FOOD AND WATER:
Provide fresh food and water at a consistent time each day. Feral cats soon learn when the food arrives and will be waiting for a fresh supply of rations, even if they are hiding in nearby bushes.
Never feed cats at night. This will encourage skunks, raccoons and other nocturnal animals to come for food. Only feed feral/free-roaming community cats during daylight hours.
Never throw food on the ground as this will encourage rodents to come to your feeding areas. Feeding stations and areas should be kept clean and neat. Do not leave dirty dishes lying around. Be a good neighbor and in return your free-roaming cats will be good neighbors.
In the winter months, cats need extra calories to maintain their energy levels so be sure to provide colony residents with extra rations. if you know your colony will eat right away, warm up the canned food prior to taking it to the feeding site and add a little warm water to the food for extra moisture. Always provide dry food because canned food will eventually freeze.
In summer months flies are attracted to canned food so offer limited amounts of canned food during the summer months. Also in the warmer months, keep the canned cat food separate from the dry food.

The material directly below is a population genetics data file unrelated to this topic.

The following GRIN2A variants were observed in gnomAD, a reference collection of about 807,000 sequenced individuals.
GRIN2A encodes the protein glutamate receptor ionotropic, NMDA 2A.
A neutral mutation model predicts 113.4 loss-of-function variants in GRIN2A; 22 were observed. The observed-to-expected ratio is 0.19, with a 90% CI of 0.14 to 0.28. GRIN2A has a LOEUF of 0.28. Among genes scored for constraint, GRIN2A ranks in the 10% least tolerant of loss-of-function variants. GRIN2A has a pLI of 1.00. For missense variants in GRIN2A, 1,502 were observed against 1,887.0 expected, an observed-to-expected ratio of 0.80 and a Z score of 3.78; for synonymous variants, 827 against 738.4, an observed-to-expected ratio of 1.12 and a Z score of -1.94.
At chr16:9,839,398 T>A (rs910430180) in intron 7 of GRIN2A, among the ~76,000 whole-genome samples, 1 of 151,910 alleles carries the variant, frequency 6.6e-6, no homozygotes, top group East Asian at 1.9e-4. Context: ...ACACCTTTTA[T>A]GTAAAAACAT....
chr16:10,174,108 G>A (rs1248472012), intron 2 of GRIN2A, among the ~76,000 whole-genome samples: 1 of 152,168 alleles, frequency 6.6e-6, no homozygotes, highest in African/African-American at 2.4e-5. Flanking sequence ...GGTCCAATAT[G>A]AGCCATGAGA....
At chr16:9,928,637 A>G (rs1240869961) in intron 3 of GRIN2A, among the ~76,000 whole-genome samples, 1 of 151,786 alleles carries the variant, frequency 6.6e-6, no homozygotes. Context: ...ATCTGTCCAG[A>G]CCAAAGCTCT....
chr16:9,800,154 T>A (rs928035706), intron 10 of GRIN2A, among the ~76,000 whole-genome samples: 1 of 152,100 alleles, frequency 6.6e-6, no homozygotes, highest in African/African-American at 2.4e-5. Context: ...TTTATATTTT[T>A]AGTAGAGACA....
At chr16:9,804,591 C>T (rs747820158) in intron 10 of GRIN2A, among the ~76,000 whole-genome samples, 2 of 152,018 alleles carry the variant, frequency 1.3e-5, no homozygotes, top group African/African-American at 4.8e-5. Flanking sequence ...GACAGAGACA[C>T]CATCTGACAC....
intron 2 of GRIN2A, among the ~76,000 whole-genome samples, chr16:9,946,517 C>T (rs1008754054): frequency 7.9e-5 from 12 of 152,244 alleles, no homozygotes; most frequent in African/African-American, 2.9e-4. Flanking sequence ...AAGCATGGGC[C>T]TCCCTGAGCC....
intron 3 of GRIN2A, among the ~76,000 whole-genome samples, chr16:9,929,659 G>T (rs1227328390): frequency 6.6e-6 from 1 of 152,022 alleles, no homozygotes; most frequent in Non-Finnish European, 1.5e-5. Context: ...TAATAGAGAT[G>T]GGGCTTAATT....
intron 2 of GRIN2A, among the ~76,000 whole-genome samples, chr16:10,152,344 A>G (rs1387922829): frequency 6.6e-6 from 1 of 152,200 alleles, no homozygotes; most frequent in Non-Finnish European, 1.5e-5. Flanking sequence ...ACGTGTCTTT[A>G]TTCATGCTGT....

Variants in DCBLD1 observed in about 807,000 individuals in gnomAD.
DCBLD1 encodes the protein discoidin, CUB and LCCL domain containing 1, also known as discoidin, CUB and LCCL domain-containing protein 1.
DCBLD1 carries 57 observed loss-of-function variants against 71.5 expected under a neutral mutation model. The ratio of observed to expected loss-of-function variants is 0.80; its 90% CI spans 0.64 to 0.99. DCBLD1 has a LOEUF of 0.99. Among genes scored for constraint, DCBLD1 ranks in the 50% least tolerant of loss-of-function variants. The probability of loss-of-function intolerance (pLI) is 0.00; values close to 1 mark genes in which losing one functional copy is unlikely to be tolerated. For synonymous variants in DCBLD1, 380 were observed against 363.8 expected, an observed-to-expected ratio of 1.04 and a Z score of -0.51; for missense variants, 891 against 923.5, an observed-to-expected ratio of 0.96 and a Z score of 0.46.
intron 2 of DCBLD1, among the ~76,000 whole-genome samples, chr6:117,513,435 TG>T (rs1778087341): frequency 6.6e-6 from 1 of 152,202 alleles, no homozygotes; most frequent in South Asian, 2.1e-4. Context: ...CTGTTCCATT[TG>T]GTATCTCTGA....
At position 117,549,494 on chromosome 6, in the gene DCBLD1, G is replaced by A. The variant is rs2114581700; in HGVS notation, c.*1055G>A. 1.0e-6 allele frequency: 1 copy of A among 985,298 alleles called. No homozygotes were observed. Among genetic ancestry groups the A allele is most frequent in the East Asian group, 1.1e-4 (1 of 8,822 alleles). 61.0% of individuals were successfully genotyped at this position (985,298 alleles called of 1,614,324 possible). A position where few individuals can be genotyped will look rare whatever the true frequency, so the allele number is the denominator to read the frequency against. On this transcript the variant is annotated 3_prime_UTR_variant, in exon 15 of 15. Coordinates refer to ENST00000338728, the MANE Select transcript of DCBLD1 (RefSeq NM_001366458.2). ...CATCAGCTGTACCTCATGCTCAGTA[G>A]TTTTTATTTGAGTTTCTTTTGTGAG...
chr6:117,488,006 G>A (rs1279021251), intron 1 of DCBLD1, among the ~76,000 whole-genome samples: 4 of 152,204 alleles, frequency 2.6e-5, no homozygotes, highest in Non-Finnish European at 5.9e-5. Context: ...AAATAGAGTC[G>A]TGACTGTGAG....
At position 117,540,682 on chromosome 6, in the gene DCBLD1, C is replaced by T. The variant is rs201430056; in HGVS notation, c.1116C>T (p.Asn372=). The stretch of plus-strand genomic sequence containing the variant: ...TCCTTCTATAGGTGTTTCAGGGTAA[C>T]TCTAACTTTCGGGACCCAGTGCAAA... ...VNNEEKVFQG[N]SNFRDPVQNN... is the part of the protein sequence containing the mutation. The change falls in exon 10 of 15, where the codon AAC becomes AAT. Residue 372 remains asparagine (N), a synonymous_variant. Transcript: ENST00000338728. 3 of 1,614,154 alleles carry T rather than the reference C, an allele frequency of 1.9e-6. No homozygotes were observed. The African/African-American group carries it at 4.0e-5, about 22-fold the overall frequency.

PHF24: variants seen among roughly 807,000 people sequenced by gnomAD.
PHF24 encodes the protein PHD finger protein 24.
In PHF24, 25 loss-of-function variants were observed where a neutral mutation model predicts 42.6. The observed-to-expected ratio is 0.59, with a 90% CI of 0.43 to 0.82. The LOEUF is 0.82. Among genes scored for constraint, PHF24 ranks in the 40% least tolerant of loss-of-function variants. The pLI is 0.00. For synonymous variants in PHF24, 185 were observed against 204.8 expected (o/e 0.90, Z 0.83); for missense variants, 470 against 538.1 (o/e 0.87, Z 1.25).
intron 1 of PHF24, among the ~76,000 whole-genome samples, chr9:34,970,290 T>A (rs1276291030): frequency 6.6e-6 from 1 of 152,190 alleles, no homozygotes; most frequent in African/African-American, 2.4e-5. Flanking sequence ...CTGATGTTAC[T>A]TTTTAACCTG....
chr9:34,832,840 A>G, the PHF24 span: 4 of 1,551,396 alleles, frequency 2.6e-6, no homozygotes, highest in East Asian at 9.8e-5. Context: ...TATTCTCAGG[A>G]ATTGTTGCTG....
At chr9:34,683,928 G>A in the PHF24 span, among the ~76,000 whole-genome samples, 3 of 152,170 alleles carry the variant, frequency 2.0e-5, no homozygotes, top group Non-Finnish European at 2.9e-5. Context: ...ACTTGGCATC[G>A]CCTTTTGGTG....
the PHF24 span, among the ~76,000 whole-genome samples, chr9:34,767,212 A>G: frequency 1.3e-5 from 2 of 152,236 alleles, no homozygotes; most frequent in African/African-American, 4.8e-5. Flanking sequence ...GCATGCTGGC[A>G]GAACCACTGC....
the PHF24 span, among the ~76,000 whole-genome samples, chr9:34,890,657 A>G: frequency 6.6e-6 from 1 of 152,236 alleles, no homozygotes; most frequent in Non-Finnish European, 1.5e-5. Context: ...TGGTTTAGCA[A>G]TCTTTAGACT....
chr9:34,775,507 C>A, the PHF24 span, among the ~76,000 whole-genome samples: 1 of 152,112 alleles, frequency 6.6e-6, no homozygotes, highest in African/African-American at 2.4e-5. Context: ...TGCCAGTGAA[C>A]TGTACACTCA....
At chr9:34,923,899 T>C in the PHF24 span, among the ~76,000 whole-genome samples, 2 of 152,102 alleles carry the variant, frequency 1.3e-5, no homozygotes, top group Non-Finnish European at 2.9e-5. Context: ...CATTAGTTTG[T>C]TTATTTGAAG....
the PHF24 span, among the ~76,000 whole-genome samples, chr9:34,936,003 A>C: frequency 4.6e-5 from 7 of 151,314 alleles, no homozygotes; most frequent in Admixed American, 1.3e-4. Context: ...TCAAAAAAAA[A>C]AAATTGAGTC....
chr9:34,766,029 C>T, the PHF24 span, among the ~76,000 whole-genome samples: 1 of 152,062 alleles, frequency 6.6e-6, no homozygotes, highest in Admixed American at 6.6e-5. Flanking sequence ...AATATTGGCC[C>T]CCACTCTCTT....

BE A GOOD NEIGHBOR WHEN CARING FOR CATS
It is common for conflicts to stem from issues between neighbors or people living in the same area as a feral cat colony. Try to resolve problems with neighbors immediately and don’t wait until problems only get worse. For the health of the cats and for good community relations:
Get the cats spayed or neutered and vaccinated as soon as possible.
Keep the feeding location neat and clean.
Keep food dishes in one place to facilitate cleanup and to provide a tidy appearance.
Remove feeding dishes within 30 minutes.
*Remember, in Arizona all cats are considered free-roaming and all cats, including feral cats, are protected by law. Please see ARS 13-2910.